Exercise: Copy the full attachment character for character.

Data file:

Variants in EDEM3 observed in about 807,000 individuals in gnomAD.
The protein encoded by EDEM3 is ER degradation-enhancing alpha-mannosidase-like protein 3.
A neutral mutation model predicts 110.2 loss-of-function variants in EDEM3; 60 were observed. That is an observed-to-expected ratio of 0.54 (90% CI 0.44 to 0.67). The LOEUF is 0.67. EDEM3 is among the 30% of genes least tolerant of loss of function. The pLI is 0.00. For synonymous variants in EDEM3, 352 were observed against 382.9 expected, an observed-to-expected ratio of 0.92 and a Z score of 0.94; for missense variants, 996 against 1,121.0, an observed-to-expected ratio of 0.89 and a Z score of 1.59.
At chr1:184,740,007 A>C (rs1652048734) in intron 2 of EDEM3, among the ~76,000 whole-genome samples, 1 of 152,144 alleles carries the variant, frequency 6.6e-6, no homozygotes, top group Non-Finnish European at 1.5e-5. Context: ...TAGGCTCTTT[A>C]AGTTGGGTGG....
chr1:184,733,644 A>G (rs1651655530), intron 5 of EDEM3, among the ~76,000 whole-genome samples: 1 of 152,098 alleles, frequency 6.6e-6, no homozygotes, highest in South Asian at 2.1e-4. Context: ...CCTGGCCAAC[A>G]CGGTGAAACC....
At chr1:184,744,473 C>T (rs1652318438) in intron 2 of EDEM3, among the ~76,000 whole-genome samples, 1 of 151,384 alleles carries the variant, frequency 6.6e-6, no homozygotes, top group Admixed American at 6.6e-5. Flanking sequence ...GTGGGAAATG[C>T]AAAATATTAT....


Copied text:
Variants in EDEM3 observed in about 807,000 individuals in gnomAD.
The protein encoded by EDEM3 is ER degradation-enhancing alpha-mannosidase-like protein 3.
A neutral mutation model predicts 110.2 loss-of-function variants in EDEM3; 60 were observed. That is an observed-to-expected ratio of 0.54 (90% CI 0.44 to 0.67). The LOEUF is 0.67. EDEM3 is among the 30% of genes least tolerant of loss of function. The pLI is 0.00. For synonymous variants in EDEM3, 352 were observed against 382.9 expected, an observed-to-expected ratio of 0.92 and a Z score of 0.94; for missense variants, 996 against 1,121.0, an observed-to-expected ratio of 0.89 and a Z score of 1.59.
At chr1:184,740,007 A>C (rs1652048734) in intron 2 of EDEM3, among the ~76,000 whole-genome samples, 1 of 152,144 alleles carries the variant, frequency 6.6e-6, no homozygotes, top group Non-Finnish European at 1.5e-5. Context: ...TAGGCTCTTT[A>C]AGTTGGGTGG....
chr1:184,733,644 A>G (rs1651655530), intron 5 of EDEM3, among the ~76,000 whole-genome samples: 1 of 152,098 alleles, frequency 6.6e-6, no homozygotes, highest in South Asian at 2.1e-4. Context: ...CCTGGCCAAC[A>G]CGGTGAAACC....
At chr1:184,744,473 C>T (rs1652318438) in intron 2 of EDEM3, among the ~76,000 whole-genome samples, 1 of 151,384 alleles carries the variant, frequency 6.6e-6, no homozygotes, top group Admixed American at 6.6e-5. Flanking sequence ...GTGGGAAATG[C>T]AAAATATTAT....